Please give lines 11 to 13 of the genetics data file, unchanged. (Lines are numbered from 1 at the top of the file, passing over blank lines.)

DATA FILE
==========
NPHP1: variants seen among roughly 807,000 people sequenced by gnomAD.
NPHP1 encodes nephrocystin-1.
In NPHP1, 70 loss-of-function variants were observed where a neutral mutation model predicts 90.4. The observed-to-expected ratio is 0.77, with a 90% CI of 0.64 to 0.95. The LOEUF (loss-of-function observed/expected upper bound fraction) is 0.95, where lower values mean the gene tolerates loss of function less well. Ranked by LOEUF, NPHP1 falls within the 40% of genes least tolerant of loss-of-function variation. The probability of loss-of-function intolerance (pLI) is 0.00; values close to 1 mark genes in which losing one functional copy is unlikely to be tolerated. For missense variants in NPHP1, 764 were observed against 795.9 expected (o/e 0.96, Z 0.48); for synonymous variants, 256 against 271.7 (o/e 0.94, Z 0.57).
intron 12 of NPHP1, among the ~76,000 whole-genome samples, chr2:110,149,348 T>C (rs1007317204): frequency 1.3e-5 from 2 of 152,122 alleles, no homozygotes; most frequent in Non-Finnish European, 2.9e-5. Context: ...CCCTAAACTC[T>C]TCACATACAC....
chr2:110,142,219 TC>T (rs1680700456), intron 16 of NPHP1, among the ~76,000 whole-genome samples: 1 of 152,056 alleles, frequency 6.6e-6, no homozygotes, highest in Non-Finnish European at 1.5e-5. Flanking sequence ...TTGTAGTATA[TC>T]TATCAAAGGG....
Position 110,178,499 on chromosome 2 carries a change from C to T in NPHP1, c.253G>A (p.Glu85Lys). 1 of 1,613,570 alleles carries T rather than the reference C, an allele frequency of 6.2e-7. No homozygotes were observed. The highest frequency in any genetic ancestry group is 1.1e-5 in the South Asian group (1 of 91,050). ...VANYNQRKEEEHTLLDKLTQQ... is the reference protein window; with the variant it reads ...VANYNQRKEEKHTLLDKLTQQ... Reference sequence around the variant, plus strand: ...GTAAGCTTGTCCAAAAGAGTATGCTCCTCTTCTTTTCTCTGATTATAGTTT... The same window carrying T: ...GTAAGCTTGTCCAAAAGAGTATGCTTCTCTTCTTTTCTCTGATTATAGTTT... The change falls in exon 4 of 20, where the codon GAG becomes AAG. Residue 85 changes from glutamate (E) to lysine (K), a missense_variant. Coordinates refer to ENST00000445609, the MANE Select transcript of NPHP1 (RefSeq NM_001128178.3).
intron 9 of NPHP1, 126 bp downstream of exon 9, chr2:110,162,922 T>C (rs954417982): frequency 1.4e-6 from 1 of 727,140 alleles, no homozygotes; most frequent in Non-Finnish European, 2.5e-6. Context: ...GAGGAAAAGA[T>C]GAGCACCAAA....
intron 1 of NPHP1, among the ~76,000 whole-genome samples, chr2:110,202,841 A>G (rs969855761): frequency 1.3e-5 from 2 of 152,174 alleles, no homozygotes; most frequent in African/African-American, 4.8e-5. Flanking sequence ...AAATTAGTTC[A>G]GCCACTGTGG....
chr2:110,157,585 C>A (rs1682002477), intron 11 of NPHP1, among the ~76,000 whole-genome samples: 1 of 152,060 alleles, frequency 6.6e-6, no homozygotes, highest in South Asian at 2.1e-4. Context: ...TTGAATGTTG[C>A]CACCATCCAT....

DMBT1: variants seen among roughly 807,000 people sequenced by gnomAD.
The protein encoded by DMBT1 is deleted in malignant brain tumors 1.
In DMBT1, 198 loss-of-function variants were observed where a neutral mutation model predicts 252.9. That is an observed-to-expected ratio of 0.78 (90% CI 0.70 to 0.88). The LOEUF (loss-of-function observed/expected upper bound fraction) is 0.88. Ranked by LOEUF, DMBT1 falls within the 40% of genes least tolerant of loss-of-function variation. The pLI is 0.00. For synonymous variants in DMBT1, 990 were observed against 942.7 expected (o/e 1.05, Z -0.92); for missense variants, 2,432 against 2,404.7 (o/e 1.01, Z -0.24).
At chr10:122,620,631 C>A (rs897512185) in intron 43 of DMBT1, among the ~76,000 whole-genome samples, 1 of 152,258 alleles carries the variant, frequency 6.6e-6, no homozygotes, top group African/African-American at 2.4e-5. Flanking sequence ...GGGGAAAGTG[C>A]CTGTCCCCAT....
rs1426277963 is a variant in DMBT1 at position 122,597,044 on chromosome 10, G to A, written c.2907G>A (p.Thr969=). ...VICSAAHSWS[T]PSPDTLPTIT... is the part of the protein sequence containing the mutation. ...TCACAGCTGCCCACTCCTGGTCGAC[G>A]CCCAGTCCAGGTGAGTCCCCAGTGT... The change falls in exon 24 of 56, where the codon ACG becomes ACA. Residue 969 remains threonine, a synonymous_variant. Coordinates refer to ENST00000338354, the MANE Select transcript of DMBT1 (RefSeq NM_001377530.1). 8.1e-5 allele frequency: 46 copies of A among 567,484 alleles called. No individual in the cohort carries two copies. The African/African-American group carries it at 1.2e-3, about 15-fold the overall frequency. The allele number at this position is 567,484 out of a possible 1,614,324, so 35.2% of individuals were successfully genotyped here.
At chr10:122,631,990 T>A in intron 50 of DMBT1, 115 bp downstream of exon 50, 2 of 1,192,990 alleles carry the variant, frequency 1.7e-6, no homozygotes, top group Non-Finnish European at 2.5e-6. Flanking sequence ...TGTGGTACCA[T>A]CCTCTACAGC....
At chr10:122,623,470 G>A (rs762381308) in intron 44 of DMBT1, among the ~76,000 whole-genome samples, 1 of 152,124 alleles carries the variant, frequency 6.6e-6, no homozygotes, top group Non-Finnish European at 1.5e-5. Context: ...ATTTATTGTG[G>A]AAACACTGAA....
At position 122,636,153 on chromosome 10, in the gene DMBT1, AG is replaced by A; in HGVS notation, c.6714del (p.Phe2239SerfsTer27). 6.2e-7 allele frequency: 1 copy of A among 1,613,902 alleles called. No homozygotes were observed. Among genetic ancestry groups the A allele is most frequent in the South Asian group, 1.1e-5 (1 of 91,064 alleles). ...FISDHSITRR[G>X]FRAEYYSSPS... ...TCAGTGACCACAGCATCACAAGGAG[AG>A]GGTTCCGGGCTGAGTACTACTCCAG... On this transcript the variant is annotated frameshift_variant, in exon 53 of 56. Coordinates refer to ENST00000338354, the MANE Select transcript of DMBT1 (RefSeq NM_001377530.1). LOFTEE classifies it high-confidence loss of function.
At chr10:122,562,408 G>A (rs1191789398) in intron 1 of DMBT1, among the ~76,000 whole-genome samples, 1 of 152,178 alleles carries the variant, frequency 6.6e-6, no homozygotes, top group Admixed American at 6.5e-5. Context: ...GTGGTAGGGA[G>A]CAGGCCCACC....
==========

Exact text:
The protein encoded by DMBT1 is deleted in malignant brain tumors 1.
In DMBT1, 198 loss-of-function variants were observed where a neutral mutation model predicts 252.9. That is an observed-to-expected ratio of 0.78 (90% CI 0.70 to 0.88). The LOEUF (loss-of-function observed/expected upper bound fraction) is 0.88. Ranked by LOEUF, DMBT1 falls within the 40% of genes least tolerant of loss-of-function variation. The pLI is 0.00. For synonymous variants in DMBT1, 990 were observed against 942.7 expected (o/e 1.05, Z -0.92); for missense variants, 2,432 against 2,404.7 (o/e 1.01, Z -0.24).
At chr10:122,620,631 C>A (rs897512185) in intron 43 of DMBT1, among the ~76,000 whole-genome samples, 1 of 152,258 alleles carries the variant, frequency 6.6e-6, no homozygotes, top group African/African-American at 2.4e-5. Flanking sequence ...GGGGAAAGTG[C>A]CTGTCCCCAT....